Ashish Gupta, the young Mumbai-based architect behind the 150m Maharaja gigayacht project, insists on calling it yacht architecture rather than yacht design. And a glance at the renderings is sufficient to see what he means. With a 25m beam, a 15m infinity pool, an 18m wide beach lounge and a 30m putting green, the dimensions may be wholly conceptual but not entirely impossible.
Land-based architect Gupta, who heads a firm called Beyond Design, has some previous experience as a yacht designer (a 40m wooden yacht in India and a 90m interior in addition to some tenders) and recycled the information he gleaned from these projects into the Maharaja: "Basically the design is based on desires of the owners of these previous yachts features such as the breakfast island, the corporate level for business meetings and open deck spaces." But he was quick to realise that a 150m gigayacht required some professional technical back-up. "We received a phone call from this young Indian architect and he came to visit us for a couple of days here in the office in Holland", explains Willem Stolk of the marine design and engineering consultancy Stolk Marimecs in Vollenhoverweg, just across the street from Royal Huisman. "I liked the guy, he was a hardworking youngster with some good ideas and we ended up sharing a stand in Monaco."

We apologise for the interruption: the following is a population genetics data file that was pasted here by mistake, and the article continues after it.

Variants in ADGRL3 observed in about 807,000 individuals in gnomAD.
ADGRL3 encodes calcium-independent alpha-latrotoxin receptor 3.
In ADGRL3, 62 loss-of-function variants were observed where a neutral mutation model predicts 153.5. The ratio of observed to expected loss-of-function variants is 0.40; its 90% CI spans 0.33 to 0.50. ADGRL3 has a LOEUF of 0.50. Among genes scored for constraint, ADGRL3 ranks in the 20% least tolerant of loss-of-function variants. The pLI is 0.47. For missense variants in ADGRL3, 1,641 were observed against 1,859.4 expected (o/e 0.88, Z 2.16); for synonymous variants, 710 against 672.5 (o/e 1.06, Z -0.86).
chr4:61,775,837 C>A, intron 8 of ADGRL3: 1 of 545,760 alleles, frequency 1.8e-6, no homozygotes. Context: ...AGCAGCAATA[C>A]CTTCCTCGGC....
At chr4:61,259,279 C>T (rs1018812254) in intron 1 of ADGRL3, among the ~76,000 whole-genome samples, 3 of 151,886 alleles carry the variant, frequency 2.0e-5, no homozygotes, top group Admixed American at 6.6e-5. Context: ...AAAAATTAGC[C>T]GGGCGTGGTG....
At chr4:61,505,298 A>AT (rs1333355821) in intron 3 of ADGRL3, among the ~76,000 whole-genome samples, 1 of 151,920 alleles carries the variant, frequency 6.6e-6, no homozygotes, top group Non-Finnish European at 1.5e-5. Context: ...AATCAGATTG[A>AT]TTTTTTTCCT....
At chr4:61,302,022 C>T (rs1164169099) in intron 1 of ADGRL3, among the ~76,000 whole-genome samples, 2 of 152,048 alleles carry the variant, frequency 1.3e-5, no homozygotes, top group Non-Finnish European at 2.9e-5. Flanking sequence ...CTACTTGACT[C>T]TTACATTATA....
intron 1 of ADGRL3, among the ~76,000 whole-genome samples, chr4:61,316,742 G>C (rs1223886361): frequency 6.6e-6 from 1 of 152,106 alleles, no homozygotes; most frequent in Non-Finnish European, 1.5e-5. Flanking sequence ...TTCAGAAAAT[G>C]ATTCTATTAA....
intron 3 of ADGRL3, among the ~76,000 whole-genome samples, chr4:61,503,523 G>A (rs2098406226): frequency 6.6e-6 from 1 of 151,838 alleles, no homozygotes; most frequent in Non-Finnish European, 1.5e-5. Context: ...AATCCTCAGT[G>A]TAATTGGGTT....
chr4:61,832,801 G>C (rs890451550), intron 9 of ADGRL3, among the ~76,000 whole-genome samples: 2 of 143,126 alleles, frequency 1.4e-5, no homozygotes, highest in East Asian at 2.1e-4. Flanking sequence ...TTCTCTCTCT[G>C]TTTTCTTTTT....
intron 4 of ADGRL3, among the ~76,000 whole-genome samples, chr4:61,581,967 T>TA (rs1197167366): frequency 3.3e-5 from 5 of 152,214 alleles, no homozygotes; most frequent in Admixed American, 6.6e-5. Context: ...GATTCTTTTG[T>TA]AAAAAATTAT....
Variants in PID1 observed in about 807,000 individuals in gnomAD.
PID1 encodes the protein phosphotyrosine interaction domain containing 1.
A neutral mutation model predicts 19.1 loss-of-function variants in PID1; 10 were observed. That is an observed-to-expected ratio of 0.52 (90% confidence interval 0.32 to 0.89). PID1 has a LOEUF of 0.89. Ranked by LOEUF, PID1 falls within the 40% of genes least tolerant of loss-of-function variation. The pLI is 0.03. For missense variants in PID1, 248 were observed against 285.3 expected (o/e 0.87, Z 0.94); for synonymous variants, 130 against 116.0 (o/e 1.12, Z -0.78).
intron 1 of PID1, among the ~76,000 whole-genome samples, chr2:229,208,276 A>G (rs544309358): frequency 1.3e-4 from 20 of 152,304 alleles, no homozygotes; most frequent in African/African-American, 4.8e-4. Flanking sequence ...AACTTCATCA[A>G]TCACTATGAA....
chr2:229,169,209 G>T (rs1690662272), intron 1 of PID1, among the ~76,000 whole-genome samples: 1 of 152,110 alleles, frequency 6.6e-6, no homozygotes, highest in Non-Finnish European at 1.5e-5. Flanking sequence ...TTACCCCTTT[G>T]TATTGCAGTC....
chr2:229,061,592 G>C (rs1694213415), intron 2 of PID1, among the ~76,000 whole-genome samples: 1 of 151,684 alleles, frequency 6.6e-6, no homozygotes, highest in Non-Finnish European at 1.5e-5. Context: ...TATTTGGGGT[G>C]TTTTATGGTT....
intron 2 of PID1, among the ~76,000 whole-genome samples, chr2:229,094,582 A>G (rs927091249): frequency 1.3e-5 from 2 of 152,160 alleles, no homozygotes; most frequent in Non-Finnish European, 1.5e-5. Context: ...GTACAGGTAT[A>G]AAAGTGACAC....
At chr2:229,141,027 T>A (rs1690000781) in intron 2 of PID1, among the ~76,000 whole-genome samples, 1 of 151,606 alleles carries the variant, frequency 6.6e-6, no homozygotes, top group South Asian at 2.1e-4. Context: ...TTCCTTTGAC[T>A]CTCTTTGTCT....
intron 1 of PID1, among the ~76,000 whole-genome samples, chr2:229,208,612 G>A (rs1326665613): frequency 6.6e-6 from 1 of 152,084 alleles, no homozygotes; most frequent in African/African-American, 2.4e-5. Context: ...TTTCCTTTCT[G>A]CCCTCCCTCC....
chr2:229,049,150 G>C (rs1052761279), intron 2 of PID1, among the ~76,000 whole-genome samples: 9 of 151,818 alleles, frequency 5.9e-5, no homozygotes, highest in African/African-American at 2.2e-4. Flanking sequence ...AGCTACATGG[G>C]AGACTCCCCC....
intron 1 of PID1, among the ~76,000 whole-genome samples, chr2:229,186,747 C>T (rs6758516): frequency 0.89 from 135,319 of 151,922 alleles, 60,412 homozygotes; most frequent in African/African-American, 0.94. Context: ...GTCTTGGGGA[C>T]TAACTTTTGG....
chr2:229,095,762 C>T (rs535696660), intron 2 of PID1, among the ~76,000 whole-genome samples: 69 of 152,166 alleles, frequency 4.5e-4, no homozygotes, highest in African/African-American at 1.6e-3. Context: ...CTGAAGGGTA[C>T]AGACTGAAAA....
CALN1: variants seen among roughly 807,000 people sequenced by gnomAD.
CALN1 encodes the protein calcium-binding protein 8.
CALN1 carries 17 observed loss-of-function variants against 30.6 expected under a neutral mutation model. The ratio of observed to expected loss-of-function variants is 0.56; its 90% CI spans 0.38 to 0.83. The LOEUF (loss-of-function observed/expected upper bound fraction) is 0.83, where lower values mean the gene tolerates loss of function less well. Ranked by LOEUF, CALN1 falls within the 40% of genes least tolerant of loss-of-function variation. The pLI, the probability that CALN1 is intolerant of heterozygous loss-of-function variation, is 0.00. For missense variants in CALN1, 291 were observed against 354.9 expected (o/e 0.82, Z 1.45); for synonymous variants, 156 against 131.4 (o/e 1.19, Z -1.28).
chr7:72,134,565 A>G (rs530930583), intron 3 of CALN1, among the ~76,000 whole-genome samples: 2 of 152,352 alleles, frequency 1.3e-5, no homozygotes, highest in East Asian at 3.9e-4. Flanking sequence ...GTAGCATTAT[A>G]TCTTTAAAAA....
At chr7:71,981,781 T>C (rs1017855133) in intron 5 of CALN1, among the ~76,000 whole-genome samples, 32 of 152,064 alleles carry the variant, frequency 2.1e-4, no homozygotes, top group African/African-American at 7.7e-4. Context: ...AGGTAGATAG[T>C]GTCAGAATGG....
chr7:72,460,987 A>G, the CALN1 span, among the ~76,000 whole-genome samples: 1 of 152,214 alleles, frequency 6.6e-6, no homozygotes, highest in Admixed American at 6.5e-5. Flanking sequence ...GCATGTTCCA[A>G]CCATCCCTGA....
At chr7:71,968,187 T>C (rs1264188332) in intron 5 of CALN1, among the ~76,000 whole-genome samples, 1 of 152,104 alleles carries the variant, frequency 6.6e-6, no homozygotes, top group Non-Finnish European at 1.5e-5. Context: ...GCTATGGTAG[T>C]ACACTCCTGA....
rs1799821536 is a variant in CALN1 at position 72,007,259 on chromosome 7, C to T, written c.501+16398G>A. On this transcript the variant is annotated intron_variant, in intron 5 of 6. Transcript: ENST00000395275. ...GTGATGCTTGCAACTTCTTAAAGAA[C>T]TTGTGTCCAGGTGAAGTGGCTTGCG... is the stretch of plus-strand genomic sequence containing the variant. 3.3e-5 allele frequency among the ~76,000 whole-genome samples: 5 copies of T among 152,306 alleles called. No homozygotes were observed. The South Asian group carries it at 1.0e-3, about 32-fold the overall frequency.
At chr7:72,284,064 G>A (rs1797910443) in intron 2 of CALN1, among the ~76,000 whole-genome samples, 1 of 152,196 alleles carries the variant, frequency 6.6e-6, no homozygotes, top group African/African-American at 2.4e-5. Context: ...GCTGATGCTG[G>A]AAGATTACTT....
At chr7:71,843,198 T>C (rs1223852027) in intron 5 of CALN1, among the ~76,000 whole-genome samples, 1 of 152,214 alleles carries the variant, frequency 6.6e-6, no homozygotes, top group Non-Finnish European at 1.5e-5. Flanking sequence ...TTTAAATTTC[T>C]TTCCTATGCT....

After some initial displacement and stability calculations, Stolk signed a letter of intent to further research the technicalities and a preliminary report is pending. Although Stolk believes the basic concept is sound, there are some major issues with having such large open decks combined with the low freeboard in terms of longitudinal strength and damage stability. The hull form has also been revisited as the wave piercer configuration would have meant drastically reducing the size and value of the yacht. Stolk now sees it as being a conventional monohull, albeit with a reverse bow. At this size, steel would be the only viable building material with wood cladding over the bow section, although this could also be faux painted as in the case of Anastasia's transom. "I believe the project is do-able," concludes Willem Stolk, "and the final product would look very similar to the original renderings."